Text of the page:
Parliament House doorstop

Subject: Marriage equality

THE HON MARK DREYFUS QC MP
SHADOW ATTORNEY-GENERAL
SHADOW MINISTER FOR NATIONAL SECURITY
MEMBER FOR ISAACS


E&OE TRANSCRIPT

DOORSTOP

PARLIAMENT HOUSE, CANBERRA

TUESDAY, 8 AUGUST 2017

 

MARK DREYFUS, SHADOW ATTORNEY-GENERAL: On marriage equality, the Liberals are lost in a maze of their own making. We’ve been told now, after hours spent in the Liberal party room, again debating issues of marriage equality, that the Senate is to again be asked to vote on whether or not there should be a national plebiscite at a cost of $170 or $180 million. The Liberal Party also told us, in multiple statements made by Liberals leaving this building last night, and particularly from Senator Cormann, that they’re going to threaten the Senate to vote in favour of the plebiscite, threaten them by saying if the plebiscite doesn’t get up, they’re going to engage in a postal vote. A postal vote which could cost up to $100 million, a postal vote which would be voluntary, which would be non-binding, and just to add to the problems, probably is illegal. We’ve had two opinions now obtained of senior counsel and other barristers, one obtained by the Parents and Friends of Lesbians and Gays, and the other one obtained by Australians for Marriage Equality. I’ve seen both those opinions, they both raise extraordinarily serious legal problems about whether or not a postal vote can even be undertaken without legislation. To add to all of that, the Liberals are saying this course that they’re now set on is completely stacked against marriage equality ever being achieved. Because what they’re saying is that if this plebiscite produces a ‘no’, or if the possibly illegal postal vote produces a ‘no’, then there won’t be any vote in the Parliament. And if either of these processes produces a ‘yes’, many of the Liberals are going to vote no anyway. It’s an extraordinary state of affairs. As I said at the start, the Liberals are lost in a maze of their own making on this, and it’s time for all of this to end. We just need to get on with it and have a free vote in the Parliament. That’s Labor’s position, it couldn’t be clearer, and I just wish that more of the Liberal Party would understand that that’s what needs to happen and that we need to get to a vote in this Parliament, so that Australia is not going to be – as it presently looks like – the last country in the developed world to achieve marriage equality. Are there any questions?

 

JOURNALIST: What are your estimates on what the postal plebiscite could cost, do you have any estimates?

 

DREYFUS: Well, estimates have ranged from $40 million to $100 million, and clearly it will depend on exactly how the government chooses to conduct it. But obviously if the Australian Electoral Commission has said $170 million for a full plebiscite, a vote conducted as if it were a national election, and that’s $170 or $180 million, you can readily understand why a nationwide postal vote is certainly going to be very expensive as well.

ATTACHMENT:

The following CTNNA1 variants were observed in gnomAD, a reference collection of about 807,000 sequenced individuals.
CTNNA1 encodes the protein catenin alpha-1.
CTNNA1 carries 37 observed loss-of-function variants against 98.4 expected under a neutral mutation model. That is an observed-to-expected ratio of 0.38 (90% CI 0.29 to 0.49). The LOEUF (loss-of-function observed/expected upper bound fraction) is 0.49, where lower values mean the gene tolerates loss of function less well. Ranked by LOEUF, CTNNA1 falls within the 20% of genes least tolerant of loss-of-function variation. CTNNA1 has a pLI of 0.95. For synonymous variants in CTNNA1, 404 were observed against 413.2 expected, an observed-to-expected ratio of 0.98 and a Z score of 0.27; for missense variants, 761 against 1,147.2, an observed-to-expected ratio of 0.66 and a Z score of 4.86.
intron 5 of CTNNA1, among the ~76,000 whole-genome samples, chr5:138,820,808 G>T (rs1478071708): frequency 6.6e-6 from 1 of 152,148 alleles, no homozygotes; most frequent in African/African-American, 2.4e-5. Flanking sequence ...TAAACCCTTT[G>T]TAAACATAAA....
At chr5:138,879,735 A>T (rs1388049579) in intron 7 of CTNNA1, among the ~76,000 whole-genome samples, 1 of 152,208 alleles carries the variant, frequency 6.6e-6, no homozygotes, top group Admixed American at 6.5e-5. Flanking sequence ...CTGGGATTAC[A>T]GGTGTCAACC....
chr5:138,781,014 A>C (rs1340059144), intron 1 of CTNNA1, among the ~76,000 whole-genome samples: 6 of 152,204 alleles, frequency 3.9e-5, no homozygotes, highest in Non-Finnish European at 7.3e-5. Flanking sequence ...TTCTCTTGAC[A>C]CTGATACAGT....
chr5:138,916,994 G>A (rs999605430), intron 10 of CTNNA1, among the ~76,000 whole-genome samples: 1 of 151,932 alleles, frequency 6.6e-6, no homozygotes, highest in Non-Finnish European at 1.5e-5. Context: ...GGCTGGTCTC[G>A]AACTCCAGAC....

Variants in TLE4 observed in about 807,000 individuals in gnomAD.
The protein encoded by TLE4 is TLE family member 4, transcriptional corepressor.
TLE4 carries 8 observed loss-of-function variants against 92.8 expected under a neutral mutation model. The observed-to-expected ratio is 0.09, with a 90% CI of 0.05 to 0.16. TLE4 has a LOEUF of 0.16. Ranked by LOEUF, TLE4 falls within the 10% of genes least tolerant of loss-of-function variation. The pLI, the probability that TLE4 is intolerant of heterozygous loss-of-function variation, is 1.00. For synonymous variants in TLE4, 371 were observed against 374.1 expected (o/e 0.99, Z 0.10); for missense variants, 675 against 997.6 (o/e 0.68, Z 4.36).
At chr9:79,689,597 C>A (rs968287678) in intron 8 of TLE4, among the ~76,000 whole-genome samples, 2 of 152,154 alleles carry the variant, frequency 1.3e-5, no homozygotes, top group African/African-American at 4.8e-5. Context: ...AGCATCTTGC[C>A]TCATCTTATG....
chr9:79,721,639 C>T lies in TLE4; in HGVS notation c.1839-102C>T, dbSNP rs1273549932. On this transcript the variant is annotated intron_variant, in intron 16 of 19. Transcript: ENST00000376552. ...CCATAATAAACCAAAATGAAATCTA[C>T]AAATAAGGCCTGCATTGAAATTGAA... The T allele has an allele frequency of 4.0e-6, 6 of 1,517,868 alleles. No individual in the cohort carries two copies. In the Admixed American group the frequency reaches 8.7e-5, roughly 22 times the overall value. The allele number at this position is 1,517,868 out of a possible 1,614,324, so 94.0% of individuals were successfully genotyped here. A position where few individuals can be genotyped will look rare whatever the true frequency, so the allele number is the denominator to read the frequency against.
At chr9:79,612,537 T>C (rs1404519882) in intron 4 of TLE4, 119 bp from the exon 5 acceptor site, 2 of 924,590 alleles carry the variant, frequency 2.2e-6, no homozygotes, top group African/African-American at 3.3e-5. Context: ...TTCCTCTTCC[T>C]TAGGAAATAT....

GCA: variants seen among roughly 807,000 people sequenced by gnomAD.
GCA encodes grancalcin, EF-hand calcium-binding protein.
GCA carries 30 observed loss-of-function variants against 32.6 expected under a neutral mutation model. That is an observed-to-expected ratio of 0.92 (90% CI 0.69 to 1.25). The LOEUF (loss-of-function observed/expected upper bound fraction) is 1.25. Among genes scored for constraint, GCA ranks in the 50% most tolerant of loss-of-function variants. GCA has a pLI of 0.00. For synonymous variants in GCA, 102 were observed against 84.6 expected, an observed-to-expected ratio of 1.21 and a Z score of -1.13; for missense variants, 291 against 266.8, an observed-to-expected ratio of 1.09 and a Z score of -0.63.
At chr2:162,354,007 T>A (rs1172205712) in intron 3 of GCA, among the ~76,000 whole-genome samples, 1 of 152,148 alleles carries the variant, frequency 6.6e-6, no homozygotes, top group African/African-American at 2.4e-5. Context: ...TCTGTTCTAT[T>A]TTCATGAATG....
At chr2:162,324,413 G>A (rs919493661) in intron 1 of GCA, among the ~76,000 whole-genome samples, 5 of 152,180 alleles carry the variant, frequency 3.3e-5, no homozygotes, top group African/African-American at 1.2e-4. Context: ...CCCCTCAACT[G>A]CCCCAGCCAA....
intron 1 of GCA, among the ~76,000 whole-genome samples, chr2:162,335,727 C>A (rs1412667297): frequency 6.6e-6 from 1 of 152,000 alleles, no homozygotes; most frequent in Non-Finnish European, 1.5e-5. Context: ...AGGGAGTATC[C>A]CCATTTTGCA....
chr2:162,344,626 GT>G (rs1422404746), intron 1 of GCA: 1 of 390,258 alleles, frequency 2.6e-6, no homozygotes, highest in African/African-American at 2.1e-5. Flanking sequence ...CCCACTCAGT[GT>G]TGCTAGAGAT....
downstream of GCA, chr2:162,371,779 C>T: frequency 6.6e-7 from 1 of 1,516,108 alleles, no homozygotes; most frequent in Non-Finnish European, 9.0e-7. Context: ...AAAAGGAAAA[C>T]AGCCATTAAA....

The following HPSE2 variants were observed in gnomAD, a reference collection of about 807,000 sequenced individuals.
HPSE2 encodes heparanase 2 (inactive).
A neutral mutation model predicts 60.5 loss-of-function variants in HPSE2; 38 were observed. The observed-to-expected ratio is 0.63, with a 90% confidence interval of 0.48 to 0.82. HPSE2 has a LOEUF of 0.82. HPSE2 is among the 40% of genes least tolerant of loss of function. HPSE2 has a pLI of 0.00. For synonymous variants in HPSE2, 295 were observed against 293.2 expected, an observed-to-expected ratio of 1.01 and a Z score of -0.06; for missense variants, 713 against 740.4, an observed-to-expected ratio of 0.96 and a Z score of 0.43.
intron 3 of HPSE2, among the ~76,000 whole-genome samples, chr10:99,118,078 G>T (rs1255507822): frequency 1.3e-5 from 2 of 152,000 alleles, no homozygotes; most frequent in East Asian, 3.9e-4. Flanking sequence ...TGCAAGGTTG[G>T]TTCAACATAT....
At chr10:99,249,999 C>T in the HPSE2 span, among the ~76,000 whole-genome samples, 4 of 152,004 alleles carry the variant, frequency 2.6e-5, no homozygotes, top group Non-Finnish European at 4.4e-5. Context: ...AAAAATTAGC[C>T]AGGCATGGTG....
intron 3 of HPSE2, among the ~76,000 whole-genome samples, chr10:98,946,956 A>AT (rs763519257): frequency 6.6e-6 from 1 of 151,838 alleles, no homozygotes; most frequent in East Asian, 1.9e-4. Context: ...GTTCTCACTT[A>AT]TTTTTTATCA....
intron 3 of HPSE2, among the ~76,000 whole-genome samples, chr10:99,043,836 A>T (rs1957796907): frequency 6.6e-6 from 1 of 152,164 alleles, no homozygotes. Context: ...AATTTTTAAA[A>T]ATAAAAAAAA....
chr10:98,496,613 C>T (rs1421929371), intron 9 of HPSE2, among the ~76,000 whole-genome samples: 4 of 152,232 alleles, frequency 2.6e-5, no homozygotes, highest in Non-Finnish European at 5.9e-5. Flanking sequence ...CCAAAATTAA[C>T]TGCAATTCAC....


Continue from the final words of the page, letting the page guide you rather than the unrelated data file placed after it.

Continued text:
JOURNALIST: Should the government release its legal advice as to the constitutionality of [inaudible] a postal plebiscite?

 

DREYFUS: The government should absolutely assure the Australian people that it’s got proper legal advice from the Solicitor-General, from the Australian Government Solicitor, as to the lawfulness of a postal vote. The problem that’s been identified by two legal opinions that have now been obtained by pro marriage equality groups, is that legislation is needed. What the government is saying is that it can go ahead with a postal vote without legislation – that’s seriously in doubt. The government needs to explain why it is that these legal opinions that have been obtained are wrong.

 

JOURNALIST: We’ll have the two Greens Senators referred to the High Court this week. What do you make of calls for an audit of all MPs in terms of their citizenship?

 

DREYFUS: I think these are legal questions that when they arise, need to be sorted out by the High Court. That’s what’s going to occur, we’re going to see referrals to the High Court and of course of Senator Canavan, and the High Court will rule on the problems that have come to light. I don’t think that at this point there is any suggestion or any need for an audit of every single member of the Parliament. It’s a matter for every person who stands for election to this Parliament to be aware of the requirements of the Constitution, to make sure that they comply with the requirements of the Constitution. That’s what’s occurred certainly in the case of all the Labor members of the Parliament.

 

Thanks very much.

 

ENDS